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Natural Hazards and Earth System Sciences An interactive open-access journal of the European Geosciences Union
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Discussion papers
https://doi.org/10.5194/nhess-2019-34
© Author(s) 2019. This work is distributed under
the Creative Commons Attribution 4.0 License.
https://doi.org/10.5194/nhess-2019-34
© Author(s) 2019. This work is distributed under
the Creative Commons Attribution 4.0 License.

Research article 19 Feb 2019

Research article | 19 Feb 2019

Review status
This discussion paper is a preprint. It is a manuscript under review for the journal Natural Hazards and Earth System Sciences (NHESS).

Statistical Analysis for Satellite Index-Based Insurance to define Damaged Pasture Thresholds

Juan José Martín-Sotoca1, Antonio Saa-Requejo2,3, Rubén Moratiel2,3, Nicolas Dalezios4, Ioannis Faraslis5, and Ana María Tarquis2,6 Juan José Martín-Sotoca et al.
  • 1Data Science Laboratory. European University, Madrid, Spain
  • 2CEIGRAM, Research Centre for the Management of Agricultural and Environmental Risks, Madrid, Spain
  • 3Dpto. Producción Agraria. Universidad Politécnica de Madrid, Spain
  • 4Department of Civil Engineering. University of Thessaly, Volos, Greece
  • 5Department of Planning and Regional Development. University of Thessaly, Volos, Greece
  • 6Grupo de Sistemas Complejos. Universidad Politécnica de Madrid, Spain

Abstract. Vegetation indices based on satellite images, such as Normalized Difference Vegetation Index (NDVI), have been used in countries like USA, Canada and Spain for damaged pasture and forage insurance for the last years. This type of agricultural insurance is called satellite index-based insurance (SIBI). In SIBI, the occurrence of damage is defined through NDVI thresholds mainly based on statistics derived from normal distributions. In this work a pasture area at the north of Community of Madrid (Spain) has been delimited by means of MODIS images. A statistical analysis of NDVI histograms was applied to seek for the best statistical distribution using maximum likelihood method. The results show that the normal distribution (NORMAL) is not the optimal representation and the General Extreme Value (GEV) distribution presents a better fit through the year. A comparison between NORMAL and GEV are showed respect to the probability under a NDVI threshold value along the year. This suggests that a priori distribution should not be selected and a percentile methodology should be used to define a NDVI damage threshold rather than the average and standard deviation, typically of normal distributions.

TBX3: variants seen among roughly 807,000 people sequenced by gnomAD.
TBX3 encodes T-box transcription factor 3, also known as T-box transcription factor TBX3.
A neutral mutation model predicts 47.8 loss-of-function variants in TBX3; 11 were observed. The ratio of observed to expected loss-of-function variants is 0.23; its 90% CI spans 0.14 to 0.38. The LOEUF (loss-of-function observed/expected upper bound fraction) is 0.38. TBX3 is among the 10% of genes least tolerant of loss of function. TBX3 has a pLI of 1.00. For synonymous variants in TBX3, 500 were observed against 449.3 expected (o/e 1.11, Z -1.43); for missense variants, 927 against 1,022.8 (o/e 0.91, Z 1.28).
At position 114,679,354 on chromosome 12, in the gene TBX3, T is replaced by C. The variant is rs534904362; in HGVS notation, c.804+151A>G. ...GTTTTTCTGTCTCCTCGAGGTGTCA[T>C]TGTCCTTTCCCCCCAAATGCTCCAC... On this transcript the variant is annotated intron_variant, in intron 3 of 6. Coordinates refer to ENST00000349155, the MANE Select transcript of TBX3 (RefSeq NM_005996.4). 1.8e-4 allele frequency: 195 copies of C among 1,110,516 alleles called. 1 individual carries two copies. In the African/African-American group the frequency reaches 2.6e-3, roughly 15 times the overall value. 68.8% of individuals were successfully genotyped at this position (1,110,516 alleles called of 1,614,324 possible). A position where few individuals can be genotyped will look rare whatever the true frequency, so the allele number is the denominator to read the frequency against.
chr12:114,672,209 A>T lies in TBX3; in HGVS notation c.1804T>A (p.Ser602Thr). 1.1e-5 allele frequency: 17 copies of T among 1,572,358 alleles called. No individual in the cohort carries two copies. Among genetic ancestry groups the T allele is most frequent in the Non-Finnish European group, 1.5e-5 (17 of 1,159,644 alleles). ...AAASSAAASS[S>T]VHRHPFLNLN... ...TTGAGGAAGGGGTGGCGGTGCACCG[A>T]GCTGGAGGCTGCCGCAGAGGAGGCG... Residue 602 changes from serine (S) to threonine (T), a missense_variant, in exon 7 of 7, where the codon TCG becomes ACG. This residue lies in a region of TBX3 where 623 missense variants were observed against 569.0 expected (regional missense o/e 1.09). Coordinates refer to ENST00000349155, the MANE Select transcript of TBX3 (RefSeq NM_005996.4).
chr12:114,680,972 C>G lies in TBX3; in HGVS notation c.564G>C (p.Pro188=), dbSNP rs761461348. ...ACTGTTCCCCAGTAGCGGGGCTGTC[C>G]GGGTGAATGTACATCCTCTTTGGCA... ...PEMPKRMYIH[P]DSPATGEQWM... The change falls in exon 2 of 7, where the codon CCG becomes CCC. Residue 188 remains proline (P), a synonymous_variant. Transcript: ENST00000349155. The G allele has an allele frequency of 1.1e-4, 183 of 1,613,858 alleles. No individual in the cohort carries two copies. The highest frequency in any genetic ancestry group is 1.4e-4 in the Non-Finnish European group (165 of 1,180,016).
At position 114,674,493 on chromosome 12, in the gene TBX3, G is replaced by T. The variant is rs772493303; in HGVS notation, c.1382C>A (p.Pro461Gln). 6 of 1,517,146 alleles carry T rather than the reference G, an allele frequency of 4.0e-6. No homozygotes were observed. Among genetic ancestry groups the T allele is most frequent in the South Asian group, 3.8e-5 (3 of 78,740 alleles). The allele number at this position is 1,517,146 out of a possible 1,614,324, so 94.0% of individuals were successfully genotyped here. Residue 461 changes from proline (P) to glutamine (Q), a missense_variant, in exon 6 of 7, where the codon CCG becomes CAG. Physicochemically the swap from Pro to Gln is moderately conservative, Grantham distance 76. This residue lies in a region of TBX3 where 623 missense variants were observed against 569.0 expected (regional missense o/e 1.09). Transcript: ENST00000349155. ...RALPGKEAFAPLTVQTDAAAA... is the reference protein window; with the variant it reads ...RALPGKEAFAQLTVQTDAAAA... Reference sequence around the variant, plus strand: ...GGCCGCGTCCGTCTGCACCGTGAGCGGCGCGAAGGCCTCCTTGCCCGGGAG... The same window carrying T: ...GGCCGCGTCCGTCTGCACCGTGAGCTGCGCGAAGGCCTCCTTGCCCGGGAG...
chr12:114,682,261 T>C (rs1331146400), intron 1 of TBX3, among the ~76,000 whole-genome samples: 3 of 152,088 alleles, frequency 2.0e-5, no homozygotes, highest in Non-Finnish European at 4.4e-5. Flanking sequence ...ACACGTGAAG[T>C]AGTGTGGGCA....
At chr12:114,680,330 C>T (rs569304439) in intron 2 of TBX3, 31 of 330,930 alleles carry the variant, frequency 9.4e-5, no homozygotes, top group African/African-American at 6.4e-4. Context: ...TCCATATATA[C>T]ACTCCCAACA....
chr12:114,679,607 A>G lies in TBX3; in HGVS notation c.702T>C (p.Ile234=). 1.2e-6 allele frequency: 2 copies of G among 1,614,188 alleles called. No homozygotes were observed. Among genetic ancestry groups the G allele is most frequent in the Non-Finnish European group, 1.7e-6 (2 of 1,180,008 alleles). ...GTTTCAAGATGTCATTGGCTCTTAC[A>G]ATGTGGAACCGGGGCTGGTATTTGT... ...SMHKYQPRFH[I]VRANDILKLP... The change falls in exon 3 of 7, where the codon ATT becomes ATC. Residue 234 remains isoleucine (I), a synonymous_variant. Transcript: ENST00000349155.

Juan José Martín-Sotoca et al.
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Juan José Martín-Sotoca et al.
Juan José Martín-Sotoca et al.
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Short summary
Vegetation indices based on satellite images, such as Normalized Difference Vegetation Index (NDVI), have been lately used for damaged pasture insurance. The occurrence of damage is usually defined by NDVI thresholds mainly based on Normal statistics. In this work a pasture area in Spain was delimited by MODIS images. An analysis of NDVI distributions was applied to seek for the best statistical distribution. The results show that Extreme Value distributions present better fit than Normal ones.
Vegetation indices based on satellite images, such as Normalized Difference Vegetation Index...
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